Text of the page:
Subject and Verb Agreement

When you compose a sentence, your subjects and verbs must agree. This means that you must use the correct verb form that matches the number of objects in your subjects. A singular subject, such as the dog must have a singular verb, such as eats to create the dog eats. Mostly, these types of errors are avoided in the case of singular subjects, but there are tricky constructions that confuse many people.

Two Subjects Connected by Conjunctions

Whenever you have more than one subject connected by and, your verb should take the plural form.

Jessica and her parents are going to the mall.

Because both of the nouns or pronouns in the subject are doing the action when joined with and, you need to use the plural verb, which is are in this example. If you are unsure if your sentence is correct, test it by substituting a pronoun in the place of the subject. Since there are multiple people in this example, use they. You wouldn’t say they is going to the mall, so you know you need the plural form are.

When you use the conjunction or with at least two singular nouns, your verb will also be singular, because the sentence implies that only one or the other of the subjects is doing the action.

Jessica or her mother is going to the mall.

To test in this case, you can just drop one of the nouns and see if the sentence is still correct. You wouldn’t say Jessica are going to the mall or her mother are going to the mall, so you need to use the singular verb.

The trickiest form of subject verb agreement occurs when you have singular and plural nouns in the subject of the same sentence. If the subjects are joined by and, you simply make the verb plural, since all the subjects are doing the action. If the nouns are joined by or, the verb agrees with whichever noun or pronoun is closest to it.

Either the boy or his parents are going to the mall.
Either the parents or the boy is going to the mall.

In these cases, as long as the verb agrees with the closes subject noun, you will be correct.

Doesn’t and Don’t

Some people have trouble with the contractions doesn’t, short for does not, and don’t, short for do not. Doesn’t should be used with singular nouns and pronouns, while don’t should be used with plural nouns and pronouns. There is an exception. The pronouns I and you always use don’t.

He doesn’t like baseball.
I don’t like baseball.

This can be confusing, but just remember the two exceptions, and you’ll get it right every time.

Phrases Between Subject and Verb

One of the most confusing parts of subject verb agreement is when a phrase comes in between the subject and the verb, because this seems contradictory to the rule that the verb agrees with whatever subject noun is closest. This is not a contradiction of the rule, because the phrase is not part of the subject.

One of my books is red.

Of my books is a phrase that describes which book the speaker is talking about, so the real subject of this sentence is one. This means that the verb, is, must agree with the subject one.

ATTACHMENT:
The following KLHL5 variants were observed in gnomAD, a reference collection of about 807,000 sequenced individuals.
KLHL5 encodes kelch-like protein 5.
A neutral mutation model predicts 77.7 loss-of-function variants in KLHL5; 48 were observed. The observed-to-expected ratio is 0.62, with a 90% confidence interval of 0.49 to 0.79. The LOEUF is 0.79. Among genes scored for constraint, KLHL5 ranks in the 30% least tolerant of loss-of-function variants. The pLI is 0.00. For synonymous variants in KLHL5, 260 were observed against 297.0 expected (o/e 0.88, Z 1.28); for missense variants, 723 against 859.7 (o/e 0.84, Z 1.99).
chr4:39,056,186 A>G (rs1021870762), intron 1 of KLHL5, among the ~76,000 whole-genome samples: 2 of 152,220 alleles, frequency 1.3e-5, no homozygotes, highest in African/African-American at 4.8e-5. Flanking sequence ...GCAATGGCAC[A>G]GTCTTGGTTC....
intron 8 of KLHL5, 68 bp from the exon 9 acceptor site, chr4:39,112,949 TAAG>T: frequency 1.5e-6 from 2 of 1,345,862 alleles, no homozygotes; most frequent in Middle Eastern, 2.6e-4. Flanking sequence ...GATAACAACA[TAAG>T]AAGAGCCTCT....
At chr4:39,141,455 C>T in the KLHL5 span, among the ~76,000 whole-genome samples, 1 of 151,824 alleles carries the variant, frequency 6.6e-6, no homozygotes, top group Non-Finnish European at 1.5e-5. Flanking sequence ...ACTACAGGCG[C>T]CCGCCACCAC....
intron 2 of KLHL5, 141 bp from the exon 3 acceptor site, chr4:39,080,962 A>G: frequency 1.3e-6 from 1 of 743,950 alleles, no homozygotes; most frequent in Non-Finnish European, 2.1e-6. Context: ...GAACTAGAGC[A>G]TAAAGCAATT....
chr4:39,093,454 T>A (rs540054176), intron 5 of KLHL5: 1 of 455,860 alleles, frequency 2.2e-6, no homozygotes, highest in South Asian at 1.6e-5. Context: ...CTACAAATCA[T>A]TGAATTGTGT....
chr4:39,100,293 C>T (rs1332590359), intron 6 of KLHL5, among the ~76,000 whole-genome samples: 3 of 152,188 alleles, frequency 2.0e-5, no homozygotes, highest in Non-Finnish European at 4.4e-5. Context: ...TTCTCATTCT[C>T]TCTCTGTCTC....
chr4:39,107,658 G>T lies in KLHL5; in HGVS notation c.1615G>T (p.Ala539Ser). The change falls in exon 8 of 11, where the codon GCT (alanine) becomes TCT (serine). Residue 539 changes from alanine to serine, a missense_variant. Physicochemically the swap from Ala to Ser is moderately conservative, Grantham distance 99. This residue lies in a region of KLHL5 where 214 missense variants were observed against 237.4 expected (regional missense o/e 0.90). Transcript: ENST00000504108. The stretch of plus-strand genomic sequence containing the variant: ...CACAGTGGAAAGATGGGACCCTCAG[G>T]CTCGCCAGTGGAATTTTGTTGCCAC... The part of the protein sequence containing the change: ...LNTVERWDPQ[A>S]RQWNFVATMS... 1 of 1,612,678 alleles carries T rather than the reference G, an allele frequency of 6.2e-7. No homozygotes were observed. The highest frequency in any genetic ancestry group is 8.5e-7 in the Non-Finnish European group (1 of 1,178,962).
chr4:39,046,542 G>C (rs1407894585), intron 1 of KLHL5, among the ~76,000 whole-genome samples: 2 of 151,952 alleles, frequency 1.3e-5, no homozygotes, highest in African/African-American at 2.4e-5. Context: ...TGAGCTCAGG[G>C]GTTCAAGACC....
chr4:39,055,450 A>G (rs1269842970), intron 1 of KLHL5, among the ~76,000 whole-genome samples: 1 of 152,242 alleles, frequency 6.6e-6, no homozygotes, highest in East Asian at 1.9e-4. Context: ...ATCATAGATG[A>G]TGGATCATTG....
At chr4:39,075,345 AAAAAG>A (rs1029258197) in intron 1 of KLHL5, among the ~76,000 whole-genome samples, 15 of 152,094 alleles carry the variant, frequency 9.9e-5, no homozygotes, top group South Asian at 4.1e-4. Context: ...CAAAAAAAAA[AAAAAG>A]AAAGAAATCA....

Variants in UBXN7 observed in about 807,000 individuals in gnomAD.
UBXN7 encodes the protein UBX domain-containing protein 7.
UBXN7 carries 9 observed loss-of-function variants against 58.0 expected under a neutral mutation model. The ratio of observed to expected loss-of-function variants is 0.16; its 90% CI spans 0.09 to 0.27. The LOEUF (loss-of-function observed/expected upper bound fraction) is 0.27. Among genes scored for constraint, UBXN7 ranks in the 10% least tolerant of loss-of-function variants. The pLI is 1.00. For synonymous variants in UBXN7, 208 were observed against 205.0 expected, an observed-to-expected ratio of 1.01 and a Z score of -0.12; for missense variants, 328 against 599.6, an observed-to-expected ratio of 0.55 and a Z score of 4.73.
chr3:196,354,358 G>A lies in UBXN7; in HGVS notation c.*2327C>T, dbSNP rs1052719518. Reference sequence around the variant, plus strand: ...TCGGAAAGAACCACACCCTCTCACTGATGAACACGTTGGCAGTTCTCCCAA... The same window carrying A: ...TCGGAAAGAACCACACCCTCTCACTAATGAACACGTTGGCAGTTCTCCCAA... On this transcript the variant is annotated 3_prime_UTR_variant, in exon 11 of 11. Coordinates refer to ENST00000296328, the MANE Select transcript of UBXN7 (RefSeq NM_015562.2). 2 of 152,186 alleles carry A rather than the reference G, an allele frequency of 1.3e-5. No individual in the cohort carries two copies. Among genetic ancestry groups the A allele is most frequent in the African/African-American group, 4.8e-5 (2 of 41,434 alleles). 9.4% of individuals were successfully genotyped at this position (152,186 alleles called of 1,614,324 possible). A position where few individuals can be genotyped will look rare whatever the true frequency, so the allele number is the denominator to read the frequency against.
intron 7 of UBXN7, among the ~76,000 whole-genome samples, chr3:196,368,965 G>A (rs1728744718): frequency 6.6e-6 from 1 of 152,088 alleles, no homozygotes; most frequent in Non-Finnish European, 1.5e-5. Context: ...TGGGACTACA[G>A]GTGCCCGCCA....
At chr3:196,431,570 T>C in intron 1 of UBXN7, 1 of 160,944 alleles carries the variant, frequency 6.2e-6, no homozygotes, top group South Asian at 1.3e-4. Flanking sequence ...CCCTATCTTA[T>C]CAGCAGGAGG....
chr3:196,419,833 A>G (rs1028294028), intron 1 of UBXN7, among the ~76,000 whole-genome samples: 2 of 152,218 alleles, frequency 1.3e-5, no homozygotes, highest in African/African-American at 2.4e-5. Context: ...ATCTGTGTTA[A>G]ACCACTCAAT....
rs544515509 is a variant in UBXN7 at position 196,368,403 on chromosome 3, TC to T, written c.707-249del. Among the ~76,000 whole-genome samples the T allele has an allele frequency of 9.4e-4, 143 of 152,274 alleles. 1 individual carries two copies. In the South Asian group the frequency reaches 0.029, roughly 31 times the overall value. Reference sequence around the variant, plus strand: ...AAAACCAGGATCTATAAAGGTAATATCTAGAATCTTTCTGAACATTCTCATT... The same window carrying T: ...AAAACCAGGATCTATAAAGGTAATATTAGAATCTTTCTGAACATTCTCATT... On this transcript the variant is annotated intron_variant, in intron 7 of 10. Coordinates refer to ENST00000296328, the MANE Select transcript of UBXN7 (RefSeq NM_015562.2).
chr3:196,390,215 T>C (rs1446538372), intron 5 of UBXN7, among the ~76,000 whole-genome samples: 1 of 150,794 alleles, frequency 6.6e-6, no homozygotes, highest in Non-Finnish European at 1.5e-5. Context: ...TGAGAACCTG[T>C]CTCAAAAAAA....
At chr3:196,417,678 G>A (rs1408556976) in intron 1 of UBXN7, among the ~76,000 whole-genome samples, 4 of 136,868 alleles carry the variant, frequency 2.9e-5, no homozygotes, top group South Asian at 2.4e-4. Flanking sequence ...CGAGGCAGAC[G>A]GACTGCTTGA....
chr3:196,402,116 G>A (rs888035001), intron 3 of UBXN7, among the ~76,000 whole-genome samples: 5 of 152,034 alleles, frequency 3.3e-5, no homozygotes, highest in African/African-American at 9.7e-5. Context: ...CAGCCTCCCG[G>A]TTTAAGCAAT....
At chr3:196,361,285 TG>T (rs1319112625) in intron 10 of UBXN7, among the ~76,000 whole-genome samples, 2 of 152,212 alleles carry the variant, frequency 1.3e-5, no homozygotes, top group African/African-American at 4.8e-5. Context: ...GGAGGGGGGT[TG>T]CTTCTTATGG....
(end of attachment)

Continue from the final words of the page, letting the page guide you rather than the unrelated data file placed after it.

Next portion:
Typically, the subject is the noun that precedes of, which can make the subject easier to spot. There is an exception to this rule: Words that describe a portion are not the subject, and in these cases, the subject will follow the word of. In these cases, the verb must agree with the noun following of.

Twenty percent of those girls want to be doctors.

All of my homework is done.
Some of the dogs did not like her.

Either, Neither, Each, Each One, Everyone, Everybody, Anyone, Anybody, Nobody, Somebody, Someone, and No One

All of the above words are singular and should use a singular verb.

Nobody minds the noise.
Either is fine.

Always Singular or Plural

Some words always take a singular or plural form even if the word may appear to the be the opposite, and you just have to learn what they are.

Common singular words requiring a singular verb: civics, measles, news, mathematics. Most words concerning distances, amounts of money, and time periods will be considered singular when used as a collective unit.

Common plural words requiring a plural verb: pants, trousers, shears, scissors, tweezers.

There Is and There Are

Sentences that begin with there is or there are can be tricky because the subject actually comes after the verb. In these cases, the verb must simply agree with the subject noun after the verb.

There are many dogs.
There is a dog.

Do note that people commonly misuse the contraction form of this rule because it is easier to say there’s than there are. There’s should only be used in the singular form.

There’s a test today.

Collective Nouns

Collective nouns talk about more than one person, but are considered to be singular. Because they imply a singular subject, even though made up of many components, they should use singular verbs.

The team is travelling this week.
The family wants a new car.

Were and Was, Subjunctive Mood

When using were and was, you should stick to number agreement unless the sentence expresses a wish or is untrue. This is called the subjunctive mood, which indicates that a statement is imaginary, hypothetical, or contradictory. In subjunctive mood, use singular subjects with plural verbs. This rule also applies to other verbs besides was and were, though these are the most commonly confused.

I have asked that he sit in his chair.
I wish it were Saturday.